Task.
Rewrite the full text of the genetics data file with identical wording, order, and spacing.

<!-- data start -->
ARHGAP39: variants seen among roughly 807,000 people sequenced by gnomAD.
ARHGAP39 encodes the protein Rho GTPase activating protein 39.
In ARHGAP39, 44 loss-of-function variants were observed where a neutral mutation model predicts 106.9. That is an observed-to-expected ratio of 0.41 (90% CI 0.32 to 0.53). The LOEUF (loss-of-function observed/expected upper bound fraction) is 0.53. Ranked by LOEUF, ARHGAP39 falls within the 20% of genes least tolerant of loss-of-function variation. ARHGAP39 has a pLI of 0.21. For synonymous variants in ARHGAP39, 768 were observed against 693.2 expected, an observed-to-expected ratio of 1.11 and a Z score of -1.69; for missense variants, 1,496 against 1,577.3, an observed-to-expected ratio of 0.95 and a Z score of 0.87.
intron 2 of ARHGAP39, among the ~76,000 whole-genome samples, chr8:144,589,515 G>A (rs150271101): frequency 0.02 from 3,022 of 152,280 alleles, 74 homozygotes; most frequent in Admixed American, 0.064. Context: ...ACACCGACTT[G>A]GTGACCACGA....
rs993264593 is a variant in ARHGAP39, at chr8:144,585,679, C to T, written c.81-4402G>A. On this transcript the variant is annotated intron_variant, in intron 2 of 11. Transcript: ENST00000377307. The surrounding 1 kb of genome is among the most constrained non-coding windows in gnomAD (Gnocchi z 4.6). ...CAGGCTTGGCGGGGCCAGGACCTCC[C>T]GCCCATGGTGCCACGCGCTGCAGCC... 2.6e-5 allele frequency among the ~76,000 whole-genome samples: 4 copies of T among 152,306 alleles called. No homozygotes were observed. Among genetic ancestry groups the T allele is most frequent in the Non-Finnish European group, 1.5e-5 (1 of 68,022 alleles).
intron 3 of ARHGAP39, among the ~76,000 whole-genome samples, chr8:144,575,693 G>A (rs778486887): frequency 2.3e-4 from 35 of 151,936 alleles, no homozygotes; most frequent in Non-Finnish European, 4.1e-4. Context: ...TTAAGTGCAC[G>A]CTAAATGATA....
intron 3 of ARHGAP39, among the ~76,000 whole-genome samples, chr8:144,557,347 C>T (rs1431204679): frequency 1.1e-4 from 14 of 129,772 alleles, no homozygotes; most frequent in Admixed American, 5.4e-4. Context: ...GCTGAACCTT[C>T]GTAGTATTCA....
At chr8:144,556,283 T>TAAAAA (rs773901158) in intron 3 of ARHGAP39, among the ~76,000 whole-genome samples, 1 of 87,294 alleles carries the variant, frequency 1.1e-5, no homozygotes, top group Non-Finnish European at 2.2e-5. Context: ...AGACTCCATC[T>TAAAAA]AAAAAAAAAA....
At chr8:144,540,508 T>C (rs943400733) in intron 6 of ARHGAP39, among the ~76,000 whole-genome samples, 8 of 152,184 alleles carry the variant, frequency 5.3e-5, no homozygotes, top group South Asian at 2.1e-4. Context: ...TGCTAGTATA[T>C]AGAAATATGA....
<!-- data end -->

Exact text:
ARHGAP39: variants seen among roughly 807,000 people sequenced by gnomAD.
ARHGAP39 encodes the protein Rho GTPase activating protein 39.
In ARHGAP39, 44 loss-of-function variants were observed where a neutral mutation model predicts 106.9. That is an observed-to-expected ratio of 0.41 (90% CI 0.32 to 0.53). The LOEUF (loss-of-function observed/expected upper bound fraction) is 0.53. Ranked by LOEUF, ARHGAP39 falls within the 20% of genes least tolerant of loss-of-function variation. ARHGAP39 has a pLI of 0.21. For synonymous variants in ARHGAP39, 768 were observed against 693.2 expected, an observed-to-expected ratio of 1.11 and a Z score of -1.69; for missense variants, 1,496 against 1,577.3, an observed-to-expected ratio of 0.95 and a Z score of 0.87.
intron 2 of ARHGAP39, among the ~76,000 whole-genome samples, chr8:144,589,515 G>A (rs150271101): frequency 0.02 from 3,022 of 152,280 alleles, 74 homozygotes; most frequent in Admixed American, 0.064. Context: ...ACACCGACTT[G>A]GTGACCACGA....
rs993264593 is a variant in ARHGAP39, at chr8:144,585,679, C to T, written c.81-4402G>A. On this transcript the variant is annotated intron_variant, in intron 2 of 11. Transcript: ENST00000377307. The surrounding 1 kb of genome is among the most constrained non-coding windows in gnomAD (Gnocchi z 4.6). ...CAGGCTTGGCGGGGCCAGGACCTCC[C>T]GCCCATGGTGCCACGCGCTGCAGCC... 2.6e-5 allele frequency among the ~76,000 whole-genome samples: 4 copies of T among 152,306 alleles called. No homozygotes were observed. Among genetic ancestry groups the T allele is most frequent in the Non-Finnish European group, 1.5e-5 (1 of 68,022 alleles).
intron 3 of ARHGAP39, among the ~76,000 whole-genome samples, chr8:144,575,693 G>A (rs778486887): frequency 2.3e-4 from 35 of 151,936 alleles, no homozygotes; most frequent in Non-Finnish European, 4.1e-4. Context: ...TTAAGTGCAC[G>A]CTAAATGATA....
intron 3 of ARHGAP39, among the ~76,000 whole-genome samples, chr8:144,557,347 C>T (rs1431204679): frequency 1.1e-4 from 14 of 129,772 alleles, no homozygotes; most frequent in Admixed American, 5.4e-4. Context: ...GCTGAACCTT[C>T]GTAGTATTCA....
At chr8:144,556,283 T>TAAAAA (rs773901158) in intron 3 of ARHGAP39, among the ~76,000 whole-genome samples, 1 of 87,294 alleles carries the variant, frequency 1.1e-5, no homozygotes, top group Non-Finnish European at 2.2e-5. Context: ...AGACTCCATC[T>TAAAAA]AAAAAAAAAA....
At chr8:144,540,508 T>C (rs943400733) in intron 6 of ARHGAP39, among the ~76,000 whole-genome samples, 8 of 152,184 alleles carry the variant, frequency 5.3e-5, no homozygotes, top group South Asian at 2.1e-4. Context: ...TGCTAGTATA[T>C]AGAAATATGA....